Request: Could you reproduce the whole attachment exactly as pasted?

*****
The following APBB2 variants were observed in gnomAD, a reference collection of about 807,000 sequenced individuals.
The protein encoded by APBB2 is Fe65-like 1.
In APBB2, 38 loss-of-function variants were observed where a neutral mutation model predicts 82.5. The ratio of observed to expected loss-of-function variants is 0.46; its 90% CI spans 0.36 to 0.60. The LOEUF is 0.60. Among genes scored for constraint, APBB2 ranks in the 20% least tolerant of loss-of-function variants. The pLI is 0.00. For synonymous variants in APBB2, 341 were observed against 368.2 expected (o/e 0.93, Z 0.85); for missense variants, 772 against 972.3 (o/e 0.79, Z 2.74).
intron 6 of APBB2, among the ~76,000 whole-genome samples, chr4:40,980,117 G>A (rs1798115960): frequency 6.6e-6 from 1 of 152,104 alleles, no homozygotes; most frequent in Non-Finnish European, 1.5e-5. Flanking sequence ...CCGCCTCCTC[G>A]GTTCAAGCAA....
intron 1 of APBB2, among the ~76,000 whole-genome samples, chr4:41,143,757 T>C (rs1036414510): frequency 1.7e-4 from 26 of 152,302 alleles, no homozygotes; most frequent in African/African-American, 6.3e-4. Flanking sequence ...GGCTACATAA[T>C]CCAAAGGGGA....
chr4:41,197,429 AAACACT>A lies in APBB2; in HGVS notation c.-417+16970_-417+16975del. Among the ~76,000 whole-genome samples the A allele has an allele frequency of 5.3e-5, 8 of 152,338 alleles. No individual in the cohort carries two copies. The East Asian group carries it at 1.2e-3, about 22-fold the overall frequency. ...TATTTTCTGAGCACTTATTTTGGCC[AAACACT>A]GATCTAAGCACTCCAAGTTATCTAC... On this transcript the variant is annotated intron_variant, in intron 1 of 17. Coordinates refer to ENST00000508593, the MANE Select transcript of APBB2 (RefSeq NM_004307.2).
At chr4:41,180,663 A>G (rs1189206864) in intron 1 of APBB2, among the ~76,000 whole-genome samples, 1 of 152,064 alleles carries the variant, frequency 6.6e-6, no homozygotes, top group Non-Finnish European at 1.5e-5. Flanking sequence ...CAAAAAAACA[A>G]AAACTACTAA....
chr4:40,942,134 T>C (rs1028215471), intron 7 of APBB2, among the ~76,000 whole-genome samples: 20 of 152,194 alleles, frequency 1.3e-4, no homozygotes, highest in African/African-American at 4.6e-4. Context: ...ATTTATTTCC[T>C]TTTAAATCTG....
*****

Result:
The following APBB2 variants were observed in gnomAD, a reference collection of about 807,000 sequenced individuals.
The protein encoded by APBB2 is Fe65-like 1.
In APBB2, 38 loss-of-function variants were observed where a neutral mutation model predicts 82.5. The ratio of observed to expected loss-of-function variants is 0.46; its 90% CI spans 0.36 to 0.60. The LOEUF is 0.60. Among genes scored for constraint, APBB2 ranks in the 20% least tolerant of loss-of-function variants. The pLI is 0.00. For synonymous variants in APBB2, 341 were observed against 368.2 expected (o/e 0.93, Z 0.85); for missense variants, 772 against 972.3 (o/e 0.79, Z 2.74).
intron 6 of APBB2, among the ~76,000 whole-genome samples, chr4:40,980,117 G>A (rs1798115960): frequency 6.6e-6 from 1 of 152,104 alleles, no homozygotes; most frequent in Non-Finnish European, 1.5e-5. Flanking sequence ...CCGCCTCCTC[G>A]GTTCAAGCAA....
intron 1 of APBB2, among the ~76,000 whole-genome samples, chr4:41,143,757 T>C (rs1036414510): frequency 1.7e-4 from 26 of 152,302 alleles, no homozygotes; most frequent in African/African-American, 6.3e-4. Flanking sequence ...GGCTACATAA[T>C]CCAAAGGGGA....
chr4:41,197,429 AAACACT>A lies in APBB2; in HGVS notation c.-417+16970_-417+16975del. Among the ~76,000 whole-genome samples the A allele has an allele frequency of 5.3e-5, 8 of 152,338 alleles. No individual in the cohort carries two copies. The East Asian group carries it at 1.2e-3, about 22-fold the overall frequency. ...TATTTTCTGAGCACTTATTTTGGCC[AAACACT>A]GATCTAAGCACTCCAAGTTATCTAC... On this transcript the variant is annotated intron_variant, in intron 1 of 17. Coordinates refer to ENST00000508593, the MANE Select transcript of APBB2 (RefSeq NM_004307.2).
At chr4:41,180,663 A>G (rs1189206864) in intron 1 of APBB2, among the ~76,000 whole-genome samples, 1 of 152,064 alleles carries the variant, frequency 6.6e-6, no homozygotes, top group Non-Finnish European at 1.5e-5. Flanking sequence ...CAAAAAAACA[A>G]AAACTACTAA....
chr4:40,942,134 T>C (rs1028215471), intron 7 of APBB2, among the ~76,000 whole-genome samples: 20 of 152,194 alleles, frequency 1.3e-4, no homozygotes, highest in African/African-American at 4.6e-4. Context: ...ATTTATTTCC[T>C]TTTAAATCTG....